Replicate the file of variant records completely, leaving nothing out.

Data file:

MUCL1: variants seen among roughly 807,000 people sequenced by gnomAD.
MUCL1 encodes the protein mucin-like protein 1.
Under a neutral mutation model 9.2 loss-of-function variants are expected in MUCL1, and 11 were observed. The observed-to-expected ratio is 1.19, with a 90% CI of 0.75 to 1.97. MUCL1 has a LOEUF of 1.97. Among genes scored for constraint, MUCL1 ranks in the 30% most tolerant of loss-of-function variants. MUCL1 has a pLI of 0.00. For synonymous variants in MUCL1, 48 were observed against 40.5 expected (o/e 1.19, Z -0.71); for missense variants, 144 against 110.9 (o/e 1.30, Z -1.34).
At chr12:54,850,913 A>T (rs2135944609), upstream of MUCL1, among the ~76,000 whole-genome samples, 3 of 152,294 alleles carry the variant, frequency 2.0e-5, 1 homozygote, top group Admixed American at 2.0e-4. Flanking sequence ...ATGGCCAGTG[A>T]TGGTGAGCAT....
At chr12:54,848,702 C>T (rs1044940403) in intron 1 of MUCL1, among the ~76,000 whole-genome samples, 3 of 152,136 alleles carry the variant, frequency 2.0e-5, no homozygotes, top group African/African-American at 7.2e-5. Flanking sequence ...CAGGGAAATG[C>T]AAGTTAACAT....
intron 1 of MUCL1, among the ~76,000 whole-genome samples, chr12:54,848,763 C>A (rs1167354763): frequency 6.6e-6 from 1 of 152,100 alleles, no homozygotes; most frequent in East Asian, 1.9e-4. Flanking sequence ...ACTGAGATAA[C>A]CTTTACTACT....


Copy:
MUCL1: variants seen among roughly 807,000 people sequenced by gnomAD.
MUCL1 encodes the protein mucin-like protein 1.
Under a neutral mutation model 9.2 loss-of-function variants are expected in MUCL1, and 11 were observed. The observed-to-expected ratio is 1.19, with a 90% CI of 0.75 to 1.97. MUCL1 has a LOEUF of 1.97. Among genes scored for constraint, MUCL1 ranks in the 30% most tolerant of loss-of-function variants. MUCL1 has a pLI of 0.00. For synonymous variants in MUCL1, 48 were observed against 40.5 expected (o/e 1.19, Z -0.71); for missense variants, 144 against 110.9 (o/e 1.30, Z -1.34).
At chr12:54,850,913 A>T (rs2135944609), upstream of MUCL1, among the ~76,000 whole-genome samples, 3 of 152,294 alleles carry the variant, frequency 2.0e-5, 1 homozygote, top group Admixed American at 2.0e-4. Flanking sequence ...ATGGCCAGTG[A>T]TGGTGAGCAT....
At chr12:54,848,702 C>T (rs1044940403) in intron 1 of MUCL1, among the ~76,000 whole-genome samples, 3 of 152,136 alleles carry the variant, frequency 2.0e-5, no homozygotes, top group African/African-American at 7.2e-5. Flanking sequence ...CAGGGAAATG[C>T]AAGTTAACAT....
intron 1 of MUCL1, among the ~76,000 whole-genome samples, chr12:54,848,763 C>A (rs1167354763): frequency 6.6e-6 from 1 of 152,100 alleles, no homozygotes; most frequent in East Asian, 1.9e-4. Flanking sequence ...ACTGAGATAA[C>A]CTTTACTACT....